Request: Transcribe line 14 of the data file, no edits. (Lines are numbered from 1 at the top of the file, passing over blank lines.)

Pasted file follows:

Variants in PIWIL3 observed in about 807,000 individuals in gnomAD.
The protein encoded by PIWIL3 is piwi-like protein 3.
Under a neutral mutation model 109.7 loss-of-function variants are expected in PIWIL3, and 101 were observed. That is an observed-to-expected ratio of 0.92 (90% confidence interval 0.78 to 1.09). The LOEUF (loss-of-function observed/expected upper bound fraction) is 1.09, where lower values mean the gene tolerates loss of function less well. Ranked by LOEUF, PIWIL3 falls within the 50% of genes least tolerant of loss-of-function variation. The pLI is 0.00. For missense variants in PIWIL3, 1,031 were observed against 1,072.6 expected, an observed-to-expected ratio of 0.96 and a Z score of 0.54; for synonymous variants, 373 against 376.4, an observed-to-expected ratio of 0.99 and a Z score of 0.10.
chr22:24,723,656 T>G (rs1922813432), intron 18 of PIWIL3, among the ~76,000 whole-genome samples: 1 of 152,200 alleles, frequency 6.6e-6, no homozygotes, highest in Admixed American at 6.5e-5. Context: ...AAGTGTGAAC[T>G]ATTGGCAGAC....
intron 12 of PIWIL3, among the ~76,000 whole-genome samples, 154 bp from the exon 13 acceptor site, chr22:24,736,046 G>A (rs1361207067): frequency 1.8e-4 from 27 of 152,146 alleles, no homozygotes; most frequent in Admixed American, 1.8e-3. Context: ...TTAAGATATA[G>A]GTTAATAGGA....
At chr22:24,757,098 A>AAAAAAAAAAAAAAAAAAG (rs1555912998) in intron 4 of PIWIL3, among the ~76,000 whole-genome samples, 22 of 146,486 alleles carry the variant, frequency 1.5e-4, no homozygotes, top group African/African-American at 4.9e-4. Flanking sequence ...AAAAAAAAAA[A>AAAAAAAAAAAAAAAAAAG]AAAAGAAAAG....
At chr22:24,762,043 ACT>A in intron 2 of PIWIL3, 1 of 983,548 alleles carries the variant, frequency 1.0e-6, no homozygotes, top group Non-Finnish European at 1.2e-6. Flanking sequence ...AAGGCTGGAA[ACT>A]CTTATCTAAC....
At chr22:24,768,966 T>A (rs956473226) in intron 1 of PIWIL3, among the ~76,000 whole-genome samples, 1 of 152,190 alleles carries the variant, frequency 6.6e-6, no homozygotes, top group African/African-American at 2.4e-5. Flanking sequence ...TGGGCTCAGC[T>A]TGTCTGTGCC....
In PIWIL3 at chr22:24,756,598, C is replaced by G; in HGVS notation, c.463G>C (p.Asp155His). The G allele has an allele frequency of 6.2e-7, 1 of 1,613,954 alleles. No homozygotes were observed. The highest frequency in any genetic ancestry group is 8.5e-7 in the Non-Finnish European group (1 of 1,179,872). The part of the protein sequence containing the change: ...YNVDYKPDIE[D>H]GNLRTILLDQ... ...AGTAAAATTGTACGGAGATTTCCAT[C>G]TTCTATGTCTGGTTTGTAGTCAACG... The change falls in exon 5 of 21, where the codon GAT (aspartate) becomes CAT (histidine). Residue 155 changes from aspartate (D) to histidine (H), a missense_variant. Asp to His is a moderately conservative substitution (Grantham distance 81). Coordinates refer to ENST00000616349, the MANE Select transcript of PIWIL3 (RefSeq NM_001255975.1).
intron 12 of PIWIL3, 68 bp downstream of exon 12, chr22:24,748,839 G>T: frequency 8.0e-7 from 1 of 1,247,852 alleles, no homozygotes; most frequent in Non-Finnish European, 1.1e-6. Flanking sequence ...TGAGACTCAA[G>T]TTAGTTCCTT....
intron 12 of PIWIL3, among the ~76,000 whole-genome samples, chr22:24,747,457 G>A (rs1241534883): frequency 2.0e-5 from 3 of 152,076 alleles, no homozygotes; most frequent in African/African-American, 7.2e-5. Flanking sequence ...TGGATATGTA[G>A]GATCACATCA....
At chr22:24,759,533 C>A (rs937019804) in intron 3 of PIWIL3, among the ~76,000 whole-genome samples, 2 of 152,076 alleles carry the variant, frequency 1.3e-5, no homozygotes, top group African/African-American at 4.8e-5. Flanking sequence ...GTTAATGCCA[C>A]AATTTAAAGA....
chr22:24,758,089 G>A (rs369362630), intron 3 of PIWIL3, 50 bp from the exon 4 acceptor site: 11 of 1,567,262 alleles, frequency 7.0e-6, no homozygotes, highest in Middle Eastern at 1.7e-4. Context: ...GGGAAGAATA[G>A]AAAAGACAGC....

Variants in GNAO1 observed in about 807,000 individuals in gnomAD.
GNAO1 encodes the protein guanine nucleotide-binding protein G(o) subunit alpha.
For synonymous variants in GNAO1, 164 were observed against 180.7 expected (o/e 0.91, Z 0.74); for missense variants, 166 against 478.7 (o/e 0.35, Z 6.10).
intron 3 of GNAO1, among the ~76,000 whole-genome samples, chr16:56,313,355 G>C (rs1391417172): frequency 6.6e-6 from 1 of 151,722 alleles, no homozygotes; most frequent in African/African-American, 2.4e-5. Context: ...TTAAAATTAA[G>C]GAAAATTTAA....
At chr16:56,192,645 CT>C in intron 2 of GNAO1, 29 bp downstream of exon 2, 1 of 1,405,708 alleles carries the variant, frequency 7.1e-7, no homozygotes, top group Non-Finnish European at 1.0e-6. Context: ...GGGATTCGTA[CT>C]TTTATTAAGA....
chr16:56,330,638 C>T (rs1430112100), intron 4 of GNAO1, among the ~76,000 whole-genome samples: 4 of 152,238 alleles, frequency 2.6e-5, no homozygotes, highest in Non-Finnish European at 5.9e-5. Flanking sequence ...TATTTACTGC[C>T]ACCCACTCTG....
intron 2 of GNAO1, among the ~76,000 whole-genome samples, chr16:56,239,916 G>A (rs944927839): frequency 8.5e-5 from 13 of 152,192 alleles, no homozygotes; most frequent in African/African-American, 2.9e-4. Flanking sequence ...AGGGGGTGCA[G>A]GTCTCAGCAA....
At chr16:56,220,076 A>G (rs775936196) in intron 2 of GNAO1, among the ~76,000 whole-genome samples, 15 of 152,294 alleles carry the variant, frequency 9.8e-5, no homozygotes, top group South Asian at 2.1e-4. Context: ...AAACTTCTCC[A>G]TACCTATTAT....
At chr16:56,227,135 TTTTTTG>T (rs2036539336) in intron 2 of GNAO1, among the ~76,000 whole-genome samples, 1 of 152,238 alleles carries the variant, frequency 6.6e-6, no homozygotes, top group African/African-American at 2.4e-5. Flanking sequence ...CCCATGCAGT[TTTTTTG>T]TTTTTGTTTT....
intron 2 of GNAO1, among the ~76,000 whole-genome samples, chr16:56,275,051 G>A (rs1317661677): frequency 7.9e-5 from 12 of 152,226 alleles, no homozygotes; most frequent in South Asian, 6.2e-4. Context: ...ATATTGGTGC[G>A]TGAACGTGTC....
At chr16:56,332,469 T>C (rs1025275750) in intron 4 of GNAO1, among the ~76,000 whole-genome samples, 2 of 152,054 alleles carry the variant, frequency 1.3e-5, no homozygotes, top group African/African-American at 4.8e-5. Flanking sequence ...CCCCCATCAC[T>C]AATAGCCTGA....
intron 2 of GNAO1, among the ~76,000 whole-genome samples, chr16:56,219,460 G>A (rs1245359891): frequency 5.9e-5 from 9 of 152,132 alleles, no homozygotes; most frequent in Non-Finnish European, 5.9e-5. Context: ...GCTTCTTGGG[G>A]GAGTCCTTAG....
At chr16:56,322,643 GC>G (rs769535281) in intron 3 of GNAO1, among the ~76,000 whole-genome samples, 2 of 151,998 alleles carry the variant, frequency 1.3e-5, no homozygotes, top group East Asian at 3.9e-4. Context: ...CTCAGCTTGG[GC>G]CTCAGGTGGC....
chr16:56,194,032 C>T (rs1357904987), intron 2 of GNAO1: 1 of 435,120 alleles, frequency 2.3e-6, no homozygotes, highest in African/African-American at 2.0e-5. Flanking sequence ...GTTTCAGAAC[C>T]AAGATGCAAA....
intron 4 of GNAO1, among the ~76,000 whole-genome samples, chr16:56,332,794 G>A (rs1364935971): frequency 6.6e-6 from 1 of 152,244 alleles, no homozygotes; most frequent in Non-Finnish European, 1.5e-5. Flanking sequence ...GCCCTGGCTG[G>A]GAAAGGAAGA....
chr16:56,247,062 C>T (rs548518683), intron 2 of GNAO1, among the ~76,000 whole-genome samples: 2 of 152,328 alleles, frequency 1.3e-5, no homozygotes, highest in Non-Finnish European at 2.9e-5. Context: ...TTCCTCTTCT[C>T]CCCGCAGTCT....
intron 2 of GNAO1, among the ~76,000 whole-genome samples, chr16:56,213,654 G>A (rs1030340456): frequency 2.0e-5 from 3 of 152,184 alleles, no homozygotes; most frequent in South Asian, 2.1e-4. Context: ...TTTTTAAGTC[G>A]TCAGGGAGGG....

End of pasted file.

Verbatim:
Variants in GNAO1 observed in about 807,000 individuals in gnomAD.